Citrus Holidays
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Effort is underway to preserve the wonderfully eclectic buildings of the Cuban capital, whose old town has been declared a UNESCO World Heritage Site but as of today, crumbling facades continue to define the urban landscape of the town center – the decadent charm of city streets to outsiders being of little consolation to locals who deal with the very real consequences of this rather sad state of affairs. Beyond Habana Vieja lie some fascinating attractions and emerging suburbs worth exploring on foot or by bike, from plush Miramar to the nightlife hub of La Rampa, residential Vedado sprinkled generously with eateries and bars, African heritage-defined Cayo Hueso and the beach community of Guanabo. With economic restrictions slightly loosening, Havana sees individual entrepreneurs make timid first steps in running private businesses, breathing fresh air into Havana's dining, art and design scenes.
There is plenty to do and see in fast-evolving Havana, with modern hot-spots for art, culture and culinary effort emerging at an ever-increasing rate. Beyond the staples of Habana Vieja and the Malecón lie Havana's attractive newer districts, and unmissable attractions like the eccentric "Fusterlandia" or the original former home of celebrated novelist Ernest Hemingway.
Gone are the days when one would struggle to find a place to eat – today's Havana has no shortage of paladares (privately owned restaurants), many serving up the New Cuban cuisine pioneered by internationally trained chefs bringing expertise back to Cuba, and engaging with traditional flavors by introducing an exciting modern twist to old familiar favorites. Some local staples worth having are the ropa vieja (literally "old clothes"), a shredded beef dish, plantain and malanga chips or fritters, the ubiquitous side of black beans and rice, and the coveted Cuban specialty – the much sought-after lobster.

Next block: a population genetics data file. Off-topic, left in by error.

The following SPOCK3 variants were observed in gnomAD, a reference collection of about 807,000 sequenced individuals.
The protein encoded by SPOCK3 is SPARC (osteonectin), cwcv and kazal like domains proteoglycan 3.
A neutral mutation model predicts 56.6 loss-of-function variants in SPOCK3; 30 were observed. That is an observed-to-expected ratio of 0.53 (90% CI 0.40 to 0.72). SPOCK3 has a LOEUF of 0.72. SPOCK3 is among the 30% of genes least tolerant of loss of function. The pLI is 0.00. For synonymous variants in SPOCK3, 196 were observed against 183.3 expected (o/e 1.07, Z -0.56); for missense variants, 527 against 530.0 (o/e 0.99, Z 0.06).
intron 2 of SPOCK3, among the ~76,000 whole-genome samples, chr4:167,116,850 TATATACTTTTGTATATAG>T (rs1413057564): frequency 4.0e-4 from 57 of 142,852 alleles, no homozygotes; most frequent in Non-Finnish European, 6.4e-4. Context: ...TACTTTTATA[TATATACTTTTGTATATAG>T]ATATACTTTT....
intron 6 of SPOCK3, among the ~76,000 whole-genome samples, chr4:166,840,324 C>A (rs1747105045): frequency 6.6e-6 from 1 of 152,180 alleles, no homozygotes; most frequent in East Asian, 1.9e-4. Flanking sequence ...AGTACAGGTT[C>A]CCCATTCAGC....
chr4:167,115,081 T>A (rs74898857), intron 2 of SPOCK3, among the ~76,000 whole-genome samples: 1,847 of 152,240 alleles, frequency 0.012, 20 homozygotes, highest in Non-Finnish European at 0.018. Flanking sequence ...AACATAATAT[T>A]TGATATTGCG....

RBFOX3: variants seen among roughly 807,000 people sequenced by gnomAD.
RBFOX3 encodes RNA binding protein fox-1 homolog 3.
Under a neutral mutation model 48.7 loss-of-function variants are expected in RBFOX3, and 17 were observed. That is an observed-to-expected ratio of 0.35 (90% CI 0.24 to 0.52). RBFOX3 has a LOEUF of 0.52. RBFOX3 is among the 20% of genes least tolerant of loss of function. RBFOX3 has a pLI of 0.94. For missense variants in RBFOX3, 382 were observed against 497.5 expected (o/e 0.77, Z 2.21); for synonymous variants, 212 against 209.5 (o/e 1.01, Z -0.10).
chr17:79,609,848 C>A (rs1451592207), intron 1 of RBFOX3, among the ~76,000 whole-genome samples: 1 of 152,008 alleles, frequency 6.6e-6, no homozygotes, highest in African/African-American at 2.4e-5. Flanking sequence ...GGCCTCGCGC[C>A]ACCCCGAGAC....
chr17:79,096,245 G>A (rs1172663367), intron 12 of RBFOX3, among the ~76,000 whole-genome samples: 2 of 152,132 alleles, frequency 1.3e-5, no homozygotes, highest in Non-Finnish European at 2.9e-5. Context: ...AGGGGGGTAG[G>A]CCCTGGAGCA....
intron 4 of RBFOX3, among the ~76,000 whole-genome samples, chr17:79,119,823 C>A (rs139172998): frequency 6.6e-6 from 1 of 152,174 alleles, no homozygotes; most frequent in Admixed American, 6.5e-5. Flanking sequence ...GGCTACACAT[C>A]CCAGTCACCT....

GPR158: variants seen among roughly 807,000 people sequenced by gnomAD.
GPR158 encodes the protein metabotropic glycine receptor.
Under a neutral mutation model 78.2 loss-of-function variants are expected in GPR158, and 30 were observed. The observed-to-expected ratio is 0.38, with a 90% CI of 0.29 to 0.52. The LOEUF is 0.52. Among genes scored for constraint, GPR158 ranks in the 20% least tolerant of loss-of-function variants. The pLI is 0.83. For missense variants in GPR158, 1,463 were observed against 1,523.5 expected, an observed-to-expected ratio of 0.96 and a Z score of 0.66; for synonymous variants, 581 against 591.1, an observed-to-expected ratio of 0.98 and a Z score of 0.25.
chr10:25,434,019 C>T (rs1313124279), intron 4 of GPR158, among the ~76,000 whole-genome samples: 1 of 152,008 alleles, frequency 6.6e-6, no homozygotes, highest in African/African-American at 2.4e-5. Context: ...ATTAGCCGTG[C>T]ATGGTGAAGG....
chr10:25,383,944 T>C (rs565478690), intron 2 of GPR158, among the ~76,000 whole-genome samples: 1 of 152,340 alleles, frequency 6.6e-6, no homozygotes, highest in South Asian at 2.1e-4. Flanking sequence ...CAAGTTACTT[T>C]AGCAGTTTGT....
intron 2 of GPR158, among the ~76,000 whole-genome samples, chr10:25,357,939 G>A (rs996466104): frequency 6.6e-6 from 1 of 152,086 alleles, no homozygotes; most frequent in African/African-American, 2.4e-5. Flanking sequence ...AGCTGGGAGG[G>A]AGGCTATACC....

Havana's leisurely pace is best embraced from an outdoor terrace of the city's many cafes. Old classics mingle with hip new openings, leaving up to one's taste to pick a favorite. A good place to start is the Plaza del Cristo, where some of the trendier establishments are now concentrated - many double as bars featuring live music come sundown.
Rum flows freely into the glasses of nighttime revelers, who tend to head straight for one of Havana's three major hot spots: the Malecón, La Rampa (or Avenida 23), and the Avenida De Los Presidentes. There are plenty of establishments to suit all tastes, from outdoor salsa dance parties (Jardines de la Tropical are as de rigueur as ever) to live music concerts (anything from Afro-Cuban to jazz) and fiery cabaret shows.
As strict government control over economic activity eases, the Cuban capital sees a timid rise of private businesses producing and selling their own goods. Although such outlets are still few and far between (and many prefer to stay hidden, only made known by word of mouth), there are several reliable locations across Havana stocking high-quality, locally made souvenirs. The main Cuban exports are cigars and rum, both available in unlimited supply, which still isn't the case for daily use items foreign visitors are often accustomed to. Remember to pack all your essentials and bring them along from home, leaving only souvenir shopping to be done here, in Havana.
Passport / Visa

Passport / Visa